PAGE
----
Rail

Report identifies high-speed rail corridors with greatest ridership potential

Posted on January 11, 2011

[IMAGE]U-S-HSR-corridor-map-2.jpg[/IMAGE]High-speed rail corridors connecting populous regions with large job centers, rail transit networks, and existing air markets were found to have the greatest potential to attract ridership, according to a new study.

The study, released Tuesday by America 2050, identifies the high-speed rail corridors with the greatest potential to attract ridership in each of the nation's "megaregions" — networks of metropolitan regions that collectively contain more than 70 percent of U.S. population and jobs.

Corridors connecting populous regions with large job centers, rail transit networks, and existing air markets scored best. The study also recommends that the federal government adopt a quantitative approach to evaluating future investment in high-speed rail.

[IMAGE]America-2050-mega-region-map-2.jpg[/IMAGE]

The 56-page study, entitled "High-Speed Rail in America," cites ridership potential as the number one factor in determining if a corridor is suitable for investment, identifies the specific conditions that generate ridership demand and scores each corridor according to strength in those areas.

The top performing corridors in each region determined to have the greatest potential demand for high-speed rail ridership include corridors, such as:

  • New York-Washington, D.C.;
  • Chicago-Milwaukee;
  • Tampa, Fla. (via Orlando) to Miami;
  • Dallas-Houston;
  • Atlanta-Birmingham, Ala.;
  • Portland, Ore.- Seattle;
  • and Denver-Pueblo, N.M.

Scoring was based on factors that have contributed to rail ridership in other systems around the world: regional and city population size and density, employment concentrations, rail transit accessibility, air travel markets, and the composition of job markets by sector.

Based on the analysis, the report proposes that the federal government adopt a similar approach to evaluating where to invest future dollars and calls for prioritizing investments where the potential for ridership demand is greatest.

It also calls for a new nationwide study of long-distance travel in America, the majority of which takes place by auto. The last nationwide study of this kind — the American Travel Survey — was completed in 1995 and is outdated, according to the report.

The report only examined corridors of up to 600 miles in length — the range of miles at which high-speed rail can compete effectively with automobiles and airplanes — and collected data for every metropolitan region along each corridor. The scoring methodology was designed so that corridors with large central business districts, regional populations, existing transit systems, and regional air markets scored highest in the study.

Short corridors that concentrate multiple major cities and employment centers tended to score highly in the study.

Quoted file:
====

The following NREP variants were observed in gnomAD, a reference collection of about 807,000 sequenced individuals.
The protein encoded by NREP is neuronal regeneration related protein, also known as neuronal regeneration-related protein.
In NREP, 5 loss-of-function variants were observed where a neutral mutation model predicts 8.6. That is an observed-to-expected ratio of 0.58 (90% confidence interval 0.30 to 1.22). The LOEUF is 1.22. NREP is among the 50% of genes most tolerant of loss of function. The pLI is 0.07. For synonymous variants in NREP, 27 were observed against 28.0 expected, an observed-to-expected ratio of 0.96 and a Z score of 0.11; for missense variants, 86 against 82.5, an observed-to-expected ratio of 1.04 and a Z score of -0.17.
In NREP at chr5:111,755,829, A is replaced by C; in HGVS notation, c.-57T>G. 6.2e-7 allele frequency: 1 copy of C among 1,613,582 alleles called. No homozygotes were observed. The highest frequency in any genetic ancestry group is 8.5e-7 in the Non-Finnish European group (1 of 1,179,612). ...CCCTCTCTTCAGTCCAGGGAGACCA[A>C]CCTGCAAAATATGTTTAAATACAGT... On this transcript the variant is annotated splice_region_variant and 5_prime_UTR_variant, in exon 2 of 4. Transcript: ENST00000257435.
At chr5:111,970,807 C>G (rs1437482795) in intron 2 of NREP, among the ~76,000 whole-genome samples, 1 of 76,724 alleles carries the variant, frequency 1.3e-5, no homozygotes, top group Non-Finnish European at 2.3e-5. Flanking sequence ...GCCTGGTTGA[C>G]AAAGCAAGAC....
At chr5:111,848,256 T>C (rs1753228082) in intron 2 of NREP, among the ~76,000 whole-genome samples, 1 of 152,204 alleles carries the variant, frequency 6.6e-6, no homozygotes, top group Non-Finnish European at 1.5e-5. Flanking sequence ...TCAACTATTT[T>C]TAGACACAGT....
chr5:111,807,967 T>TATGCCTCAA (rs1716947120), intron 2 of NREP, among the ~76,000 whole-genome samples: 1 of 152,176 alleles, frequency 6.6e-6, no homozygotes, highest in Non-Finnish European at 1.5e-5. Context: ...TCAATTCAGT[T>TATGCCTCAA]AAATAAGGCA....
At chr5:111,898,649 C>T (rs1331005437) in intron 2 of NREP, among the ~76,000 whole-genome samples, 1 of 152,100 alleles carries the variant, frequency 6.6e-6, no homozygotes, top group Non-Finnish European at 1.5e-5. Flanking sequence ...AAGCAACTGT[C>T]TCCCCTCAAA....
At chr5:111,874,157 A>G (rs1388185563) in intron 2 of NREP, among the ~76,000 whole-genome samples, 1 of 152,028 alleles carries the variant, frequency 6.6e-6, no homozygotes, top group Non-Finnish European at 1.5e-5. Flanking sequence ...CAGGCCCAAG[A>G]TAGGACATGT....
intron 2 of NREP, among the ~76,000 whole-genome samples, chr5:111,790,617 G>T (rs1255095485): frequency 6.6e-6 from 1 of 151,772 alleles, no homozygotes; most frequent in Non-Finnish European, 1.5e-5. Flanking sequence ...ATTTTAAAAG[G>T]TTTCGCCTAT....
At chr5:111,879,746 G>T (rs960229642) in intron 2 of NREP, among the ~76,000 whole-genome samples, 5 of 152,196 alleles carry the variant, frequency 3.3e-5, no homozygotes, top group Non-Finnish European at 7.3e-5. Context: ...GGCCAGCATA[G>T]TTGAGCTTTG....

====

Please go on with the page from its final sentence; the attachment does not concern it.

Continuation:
The report is a follow-up study to America 2050's 2009 report, "Where High-Speed Rail Works Best," which analyzed 27,000 potential corridors or "city pairs" and ranked them according to a weighted average of the six survey criteria, but did not consider the alignment of the corridors or the cities in between each pairing. "High-Speed Rail in America" refines this analysis by accounting for the network benefits of having multiple stations along a corridor.

To view the full report, click here.

 

View comments or post a comment on this story. (0 Comments)

More News

Parsons Brinckerhoff under contract to deliver Calif. high-speed rail

Will begin work on a seven-year, $700 million rail delivery partner contract awarded by the California High-Speed Rail Authority earlier this month.

Alstom to supply 13 Coradia Lint regional trains to Danish network

The Coradia Lint 41 is an environmentally-friendly low-consumption Diesel Multiple Unit that can reach a maximum operating speed of up to 87 mph.

Bombardier to supply trains for Delhi Metro

The order for 162 MOVIA metro cars is valued at approximately $228 million, and delivery will begin in the third quarter of 2016.

Alstom completes hybrid locomotive for Volkswagen

The new generation of hybrid shunting locomotive will be used at Volkswagen’s Wolfsburg plant for zero-emission freight transport, making a sustainable contribution towards reducing CO2 emissions.

Passenger rail reform bill passes first hurdle

The “Railroad Reform, Enhancement, and Efficiency Act,” which was unanimously approved by the Senate Commerce, Science and Transportation Committee, would authorize Amtrak for the next four years at an average $1.65 billion a year. Additionally, $570 million in total grant funding would be made available every year.

See More News

Post a Comment

Post Comment

Comments (0)

More From The World's Largest Fleet Publisher

Automotive Fleet

The Car and truck fleet and leasing management magazine

Business Fleet

managing 10-50 company vehicles

Fleet Financials

Executive vehicle management

Government Fleet

managing public sector vehicles & equipment

TruckingInfo.com

THE COMMERCIAL TRUCK INDUSTRY’S MOST IN-DEPTH INFORMATION SOURCE

Work Truck Magazine

The resource for managers of class 1-7 truck Fleets

Schoolbus Fleet

Serving school transportation professionals in the U.S. and Canada

LCT Magazine

Global Resource For Limousine and Bus Transportation

Please sign in or register to .    Close